In Conversation: 3Teeth, “shutdown.exe”

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Was it really almost a year ago that we last did an In Conversation piece? In case you haven’t been with us that long, or have forgotten the format since we last invoked it, In Conversation is a discussion between the website’s senior staff about a new or classic release. It’s a nice informal (and usually pretty freeform) way we sometimes like to approach an album we have a lot of things to say about, such as the sophomore release from one of the most high profile acts to emerge from Our Thing in long time….

3Teeth
shutdown.exe
OMF Records

Alex: Okay, so first things first…I was genuinely concerned when I got wind that 3Teeth’s sophomore album was going to be more ‘metal’ than their debut. Not because I don’t like metal as a genre (I do!) or that I don’t like it when artists try new and different ideas (once again, I do!), but because I was worried that ‘more metal’ was code for ‘less interesting musically’. They wouldn’t have been the first band that sanded their edges down to broaden their appeal, and certainly not the first industrial scene act to do so. So I am very pleased that shutdown.exe doesn’t feel like a compromise in any way. Yeah, I think the guitars are very prominent and this is much more of an industrial metal record than the self-titled LP, but the things that first drew me to the band in terms of production and programming are still present and working for them.

And I suppose that’s the first thing that is worth discussing about the record; that it might be the most thoroughly modern industrial metal record I’ve heard in ages. If that sounds like a weird distinction to make, think about how long it’s been since any act worth a shit emerged from that particular rubric. We get so many promos labeled “industrial metal”, and a lot of it is just middling metal with a sprinkling of samples or keys. So yeah, I think it’s notable when an act with some momentum and some buzz make an effort to do justice to both sides of the equation from a studio and songwriting standpoint. There’s still a lot of mechanical soul in these songs, and they feel like a pretty natural extension of what the band has been doing since the outset.

Bruce: Yeah, I’d go along with that. The metal quotient’s been increased by some measure, but it also feels like it has a real and tangible connection to the particular rhythms and flavours which made the debut work. I also like the variety of metal stylings which have been woven in the second time around. The bludgeoning sludge of “Slavegod” and “Divine Weapon” almost make me think of latter-era Celtic Frost, which isn’t a comparison I ever thought I’d be making to any record we were discussing on ID:UD. Hell, even getting into the specifically industrial metal end of things there’s a pretty broad reach. I know it’s been a running joke between us (and plenty of others) that mainstream outlets’ coverage of 3Teeth and any other remotely industrial acts will invariably mention a shortlist of big names which often has nothing to do with the record at hand, but “Atrophy” is actually the first time a 3Teeth track has actually made me think of Nine Inch Nails.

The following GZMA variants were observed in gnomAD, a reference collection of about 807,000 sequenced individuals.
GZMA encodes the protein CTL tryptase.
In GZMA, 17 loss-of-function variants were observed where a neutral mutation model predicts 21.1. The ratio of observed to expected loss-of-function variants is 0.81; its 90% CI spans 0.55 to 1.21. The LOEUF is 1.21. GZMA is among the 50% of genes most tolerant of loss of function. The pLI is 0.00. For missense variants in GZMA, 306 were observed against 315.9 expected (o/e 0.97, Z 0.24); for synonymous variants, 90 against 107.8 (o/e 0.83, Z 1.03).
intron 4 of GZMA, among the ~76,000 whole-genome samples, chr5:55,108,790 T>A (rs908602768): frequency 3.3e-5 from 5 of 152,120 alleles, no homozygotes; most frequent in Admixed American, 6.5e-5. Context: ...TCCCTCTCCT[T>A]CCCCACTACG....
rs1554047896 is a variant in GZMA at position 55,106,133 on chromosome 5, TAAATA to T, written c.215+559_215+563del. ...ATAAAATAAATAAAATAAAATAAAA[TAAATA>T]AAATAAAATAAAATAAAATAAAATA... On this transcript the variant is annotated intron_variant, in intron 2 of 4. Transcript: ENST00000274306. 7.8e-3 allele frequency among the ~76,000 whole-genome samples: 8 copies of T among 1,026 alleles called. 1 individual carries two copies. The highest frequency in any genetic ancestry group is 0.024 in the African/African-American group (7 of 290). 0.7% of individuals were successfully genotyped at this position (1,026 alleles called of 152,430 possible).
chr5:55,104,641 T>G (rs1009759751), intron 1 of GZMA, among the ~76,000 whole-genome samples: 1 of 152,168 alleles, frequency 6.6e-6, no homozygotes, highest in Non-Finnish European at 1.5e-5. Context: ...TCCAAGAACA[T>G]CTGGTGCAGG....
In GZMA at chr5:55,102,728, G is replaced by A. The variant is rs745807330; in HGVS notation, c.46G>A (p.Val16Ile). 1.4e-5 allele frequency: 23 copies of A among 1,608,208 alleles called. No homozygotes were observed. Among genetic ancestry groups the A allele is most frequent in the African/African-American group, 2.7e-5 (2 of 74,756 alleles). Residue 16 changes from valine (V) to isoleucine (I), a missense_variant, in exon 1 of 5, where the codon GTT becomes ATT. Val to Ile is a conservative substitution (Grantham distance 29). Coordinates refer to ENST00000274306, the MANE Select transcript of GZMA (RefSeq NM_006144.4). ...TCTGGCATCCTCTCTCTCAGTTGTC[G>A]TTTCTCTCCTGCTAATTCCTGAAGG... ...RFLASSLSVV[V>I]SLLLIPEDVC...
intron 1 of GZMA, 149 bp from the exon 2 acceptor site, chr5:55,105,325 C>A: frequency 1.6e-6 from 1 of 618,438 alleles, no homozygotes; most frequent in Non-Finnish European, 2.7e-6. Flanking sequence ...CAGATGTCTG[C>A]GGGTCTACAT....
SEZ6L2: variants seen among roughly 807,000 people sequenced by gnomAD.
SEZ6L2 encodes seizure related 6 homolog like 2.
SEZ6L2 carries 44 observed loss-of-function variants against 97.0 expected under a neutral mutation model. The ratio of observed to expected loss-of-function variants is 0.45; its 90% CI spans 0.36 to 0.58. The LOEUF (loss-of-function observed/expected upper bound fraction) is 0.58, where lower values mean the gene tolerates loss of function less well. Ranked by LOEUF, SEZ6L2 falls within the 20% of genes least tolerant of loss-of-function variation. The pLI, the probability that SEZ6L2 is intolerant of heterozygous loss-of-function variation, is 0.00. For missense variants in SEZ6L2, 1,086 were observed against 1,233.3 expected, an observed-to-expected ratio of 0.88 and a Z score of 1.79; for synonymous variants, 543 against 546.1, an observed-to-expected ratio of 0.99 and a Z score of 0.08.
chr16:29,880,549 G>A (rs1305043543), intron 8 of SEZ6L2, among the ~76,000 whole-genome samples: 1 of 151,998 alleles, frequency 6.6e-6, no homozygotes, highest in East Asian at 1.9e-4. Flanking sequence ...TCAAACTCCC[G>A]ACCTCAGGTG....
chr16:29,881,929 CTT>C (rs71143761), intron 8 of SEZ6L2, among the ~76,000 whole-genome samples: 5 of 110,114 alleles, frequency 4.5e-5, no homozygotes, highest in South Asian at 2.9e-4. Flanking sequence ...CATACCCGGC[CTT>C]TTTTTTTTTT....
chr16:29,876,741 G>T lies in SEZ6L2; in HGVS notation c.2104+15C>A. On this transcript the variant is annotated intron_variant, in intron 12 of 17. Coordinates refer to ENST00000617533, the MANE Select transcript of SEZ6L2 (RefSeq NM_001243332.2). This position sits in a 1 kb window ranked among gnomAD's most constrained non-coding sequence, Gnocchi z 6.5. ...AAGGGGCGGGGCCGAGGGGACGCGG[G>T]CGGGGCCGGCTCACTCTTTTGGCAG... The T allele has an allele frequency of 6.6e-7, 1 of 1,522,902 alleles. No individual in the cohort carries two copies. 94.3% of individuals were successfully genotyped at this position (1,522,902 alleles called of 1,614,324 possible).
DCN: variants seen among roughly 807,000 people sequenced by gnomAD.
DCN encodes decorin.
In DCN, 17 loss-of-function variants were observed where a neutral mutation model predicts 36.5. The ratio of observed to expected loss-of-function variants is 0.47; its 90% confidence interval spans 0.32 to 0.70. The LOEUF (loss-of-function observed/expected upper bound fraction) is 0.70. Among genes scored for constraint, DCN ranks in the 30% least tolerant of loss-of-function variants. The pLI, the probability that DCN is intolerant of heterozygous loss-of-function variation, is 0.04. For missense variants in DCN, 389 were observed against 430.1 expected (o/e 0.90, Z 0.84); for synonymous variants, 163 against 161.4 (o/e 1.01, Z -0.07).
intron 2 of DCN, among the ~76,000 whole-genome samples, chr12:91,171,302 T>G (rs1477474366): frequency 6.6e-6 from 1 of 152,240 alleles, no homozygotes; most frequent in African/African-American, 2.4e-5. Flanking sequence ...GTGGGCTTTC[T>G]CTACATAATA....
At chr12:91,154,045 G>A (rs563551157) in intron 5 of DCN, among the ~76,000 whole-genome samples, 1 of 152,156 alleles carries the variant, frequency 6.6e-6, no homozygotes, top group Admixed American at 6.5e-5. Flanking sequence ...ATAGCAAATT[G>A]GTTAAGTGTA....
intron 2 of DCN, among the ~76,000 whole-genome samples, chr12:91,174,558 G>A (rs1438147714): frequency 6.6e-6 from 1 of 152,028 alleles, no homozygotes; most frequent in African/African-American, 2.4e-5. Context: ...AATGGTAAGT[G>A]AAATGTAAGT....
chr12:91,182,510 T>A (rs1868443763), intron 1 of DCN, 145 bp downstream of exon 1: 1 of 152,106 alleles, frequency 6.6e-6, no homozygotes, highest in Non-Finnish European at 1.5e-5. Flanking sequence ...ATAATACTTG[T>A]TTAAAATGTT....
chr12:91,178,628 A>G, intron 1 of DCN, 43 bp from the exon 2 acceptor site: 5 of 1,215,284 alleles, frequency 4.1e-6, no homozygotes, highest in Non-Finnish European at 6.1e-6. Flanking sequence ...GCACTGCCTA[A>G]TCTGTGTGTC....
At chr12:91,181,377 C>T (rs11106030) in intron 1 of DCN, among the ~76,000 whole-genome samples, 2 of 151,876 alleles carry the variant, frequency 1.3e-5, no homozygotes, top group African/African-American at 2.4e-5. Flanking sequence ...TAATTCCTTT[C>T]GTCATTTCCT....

<shutdown.exe> by 3TEETH

The other thing that felt both familiar but broadened is Alexis’ vocals, both in terms of delivery and thematics. On the latter tip, while there’s still a real focus on how media and the broader culture produce and program the late capitalist subject, there also seems to be a deeper investigation into how the mind ends up producing and influencing its own processes and subroutines. We’re fairly accustomed to bands talking about resisting the dogma of the broader culture and staying true to oneself, but I like how that’s taken a step further here by taking seriously the question of how our own routines, the pitfalls of solipsism, and phenomenological limits can end up waylaying our attempts to come to an understanding of self, let alone of the reality which surrounds us. He’s also trying out a few new vocal deliveries, some of which (“Pit Of Fire”, “Away From Me”) I liked more than others (“Oblivion Coil”). Thoughts on how vocals, lyrics and general presentation of 3Teeth’s ethos are working on shutdown.exe?

Alex: No doubt Alexis is trying some different stuff vocally this time out, my favourite of which is probably the Manson-esque(!) weary sneer on “Insubstantia”. Like you say, not all of it works (I don’t mind “Oblivion Coil” but think “Slavegod” stretches him beyond his current capacity for screaming) but passages like the melodic singing on “Pit of Fire” is a good example of how he’s helping expand the band’s arsenal. I identified some of the same themes as you, although I think there’s also a thread connecting the idea of self-image defining reality now that everyone can curate their own public face as exactingly as they want. If you participate in social media then a lot of how you see things will be coloured by the individuals and corporations you’re exposed to daily, and there’s some keen observations (like on “Shutdown”) that make hay from how we can use that to flatter or make excuses to ourselves. One of the most notable aspects of 3Teeth is how they constructed themselves from whole cloth via the medium of social media, and so in some sense they’re uniquely positioned to question the intellectual honesty of doing so. It’s very them, in other words.

I’d like to take a minute to talk about the programming on the record. Chase Brawner’s guitars are absolutely given the spotlight on most of the songs, but I do like the programming and sound design that makes up the backbone of the songs, courtesy of Xavier Swafford and Andrew Means. They aren’t empty vessels to pile riffs and guitar chug into, but actual substantial composition that relies on production to define it. That’s a very 2017 idea in terms of electronic music composition, and I like hearing how 3Teeth apply it. Opener “Divine Weapon” is a really good example, the samples, the overdriven grit of the synth bassline and the eastern-tinged leads on it are more than just flavour; they’re the essence of the song. It’s ever more evident on “Degrade”, where the guitars are actually just mirroring what’s been established in the electronic verses, both in terms of what they’re playing and the specific tone and processing done on them. That actually raises another interesting idea I’d love your take on: are we falling into a rhetorical trap with this “guitars vs. electronics” dichotomy? Is there any effective difference in how this record treats synths and six strings as production elements?